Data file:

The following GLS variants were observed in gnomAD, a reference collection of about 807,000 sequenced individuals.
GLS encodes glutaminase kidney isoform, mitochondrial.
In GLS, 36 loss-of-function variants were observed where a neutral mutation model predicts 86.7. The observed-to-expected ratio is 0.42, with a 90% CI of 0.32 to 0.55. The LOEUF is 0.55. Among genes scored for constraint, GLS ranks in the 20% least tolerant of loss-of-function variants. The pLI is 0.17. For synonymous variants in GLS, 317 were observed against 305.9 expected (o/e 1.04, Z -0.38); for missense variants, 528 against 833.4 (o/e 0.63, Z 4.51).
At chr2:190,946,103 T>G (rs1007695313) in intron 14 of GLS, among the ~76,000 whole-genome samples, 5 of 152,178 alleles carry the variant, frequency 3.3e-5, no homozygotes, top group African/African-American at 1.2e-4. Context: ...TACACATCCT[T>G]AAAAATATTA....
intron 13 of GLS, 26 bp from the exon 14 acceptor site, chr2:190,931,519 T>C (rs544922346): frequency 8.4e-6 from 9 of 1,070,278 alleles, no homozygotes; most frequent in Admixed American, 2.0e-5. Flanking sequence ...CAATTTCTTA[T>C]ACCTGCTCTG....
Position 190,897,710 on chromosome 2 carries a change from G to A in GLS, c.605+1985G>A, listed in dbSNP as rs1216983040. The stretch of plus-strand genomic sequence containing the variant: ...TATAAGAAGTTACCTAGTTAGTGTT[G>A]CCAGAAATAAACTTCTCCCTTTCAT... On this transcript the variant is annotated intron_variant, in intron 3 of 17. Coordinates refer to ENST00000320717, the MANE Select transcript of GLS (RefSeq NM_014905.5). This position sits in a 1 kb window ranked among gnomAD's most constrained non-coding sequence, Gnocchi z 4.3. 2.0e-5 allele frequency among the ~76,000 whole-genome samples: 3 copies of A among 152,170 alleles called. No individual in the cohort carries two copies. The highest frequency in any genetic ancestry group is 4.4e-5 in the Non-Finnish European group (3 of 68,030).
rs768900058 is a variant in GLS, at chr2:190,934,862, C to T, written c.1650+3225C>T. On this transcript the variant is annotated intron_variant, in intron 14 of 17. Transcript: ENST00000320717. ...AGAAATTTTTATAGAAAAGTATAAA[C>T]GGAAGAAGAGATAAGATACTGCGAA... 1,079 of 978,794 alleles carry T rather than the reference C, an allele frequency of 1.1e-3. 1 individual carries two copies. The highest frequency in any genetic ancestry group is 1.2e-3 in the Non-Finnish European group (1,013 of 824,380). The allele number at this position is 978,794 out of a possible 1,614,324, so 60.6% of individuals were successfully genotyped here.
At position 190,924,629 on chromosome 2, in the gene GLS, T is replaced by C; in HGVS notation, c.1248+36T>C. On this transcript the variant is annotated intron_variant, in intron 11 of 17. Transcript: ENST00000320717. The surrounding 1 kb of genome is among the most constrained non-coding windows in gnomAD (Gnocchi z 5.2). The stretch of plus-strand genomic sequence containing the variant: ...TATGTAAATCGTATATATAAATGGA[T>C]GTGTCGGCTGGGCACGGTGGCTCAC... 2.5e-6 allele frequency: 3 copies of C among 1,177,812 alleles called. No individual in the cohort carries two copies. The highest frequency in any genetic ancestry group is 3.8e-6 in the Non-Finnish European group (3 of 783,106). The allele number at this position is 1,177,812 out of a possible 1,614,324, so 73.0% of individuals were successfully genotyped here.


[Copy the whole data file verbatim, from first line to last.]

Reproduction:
The following GLS variants were observed in gnomAD, a reference collection of about 807,000 sequenced individuals.
GLS encodes glutaminase kidney isoform, mitochondrial.
In GLS, 36 loss-of-function variants were observed where a neutral mutation model predicts 86.7. The observed-to-expected ratio is 0.42, with a 90% CI of 0.32 to 0.55. The LOEUF is 0.55. Among genes scored for constraint, GLS ranks in the 20% least tolerant of loss-of-function variants. The pLI is 0.17. For synonymous variants in GLS, 317 were observed against 305.9 expected (o/e 1.04, Z -0.38); for missense variants, 528 against 833.4 (o/e 0.63, Z 4.51).
At chr2:190,946,103 T>G (rs1007695313) in intron 14 of GLS, among the ~76,000 whole-genome samples, 5 of 152,178 alleles carry the variant, frequency 3.3e-5, no homozygotes, top group African/African-American at 1.2e-4. Context: ...TACACATCCT[T>G]AAAAATATTA....
intron 13 of GLS, 26 bp from the exon 14 acceptor site, chr2:190,931,519 T>C (rs544922346): frequency 8.4e-6 from 9 of 1,070,278 alleles, no homozygotes; most frequent in Admixed American, 2.0e-5. Flanking sequence ...CAATTTCTTA[T>C]ACCTGCTCTG....
Position 190,897,710 on chromosome 2 carries a change from G to A in GLS, c.605+1985G>A, listed in dbSNP as rs1216983040. The stretch of plus-strand genomic sequence containing the variant: ...TATAAGAAGTTACCTAGTTAGTGTT[G>A]CCAGAAATAAACTTCTCCCTTTCAT... On this transcript the variant is annotated intron_variant, in intron 3 of 17. Coordinates refer to ENST00000320717, the MANE Select transcript of GLS (RefSeq NM_014905.5). This position sits in a 1 kb window ranked among gnomAD's most constrained non-coding sequence, Gnocchi z 4.3. 2.0e-5 allele frequency among the ~76,000 whole-genome samples: 3 copies of A among 152,170 alleles called. No individual in the cohort carries two copies. The highest frequency in any genetic ancestry group is 4.4e-5 in the Non-Finnish European group (3 of 68,030).
rs768900058 is a variant in GLS, at chr2:190,934,862, C to T, written c.1650+3225C>T. On this transcript the variant is annotated intron_variant, in intron 14 of 17. Transcript: ENST00000320717. ...AGAAATTTTTATAGAAAAGTATAAA[C>T]GGAAGAAGAGATAAGATACTGCGAA... 1,079 of 978,794 alleles carry T rather than the reference C, an allele frequency of 1.1e-3. 1 individual carries two copies. The highest frequency in any genetic ancestry group is 1.2e-3 in the Non-Finnish European group (1,013 of 824,380). The allele number at this position is 978,794 out of a possible 1,614,324, so 60.6% of individuals were successfully genotyped here.
At position 190,924,629 on chromosome 2, in the gene GLS, T is replaced by C; in HGVS notation, c.1248+36T>C. On this transcript the variant is annotated intron_variant, in intron 11 of 17. Transcript: ENST00000320717. The surrounding 1 kb of genome is among the most constrained non-coding windows in gnomAD (Gnocchi z 5.2). The stretch of plus-strand genomic sequence containing the variant: ...TATGTAAATCGTATATATAAATGGA[T>C]GTGTCGGCTGGGCACGGTGGCTCAC... 2.5e-6 allele frequency: 3 copies of C among 1,177,812 alleles called. No individual in the cohort carries two copies. The highest frequency in any genetic ancestry group is 3.8e-6 in the Non-Finnish European group (3 of 783,106). The allele number at this position is 1,177,812 out of a possible 1,614,324, so 73.0% of individuals were successfully genotyped here.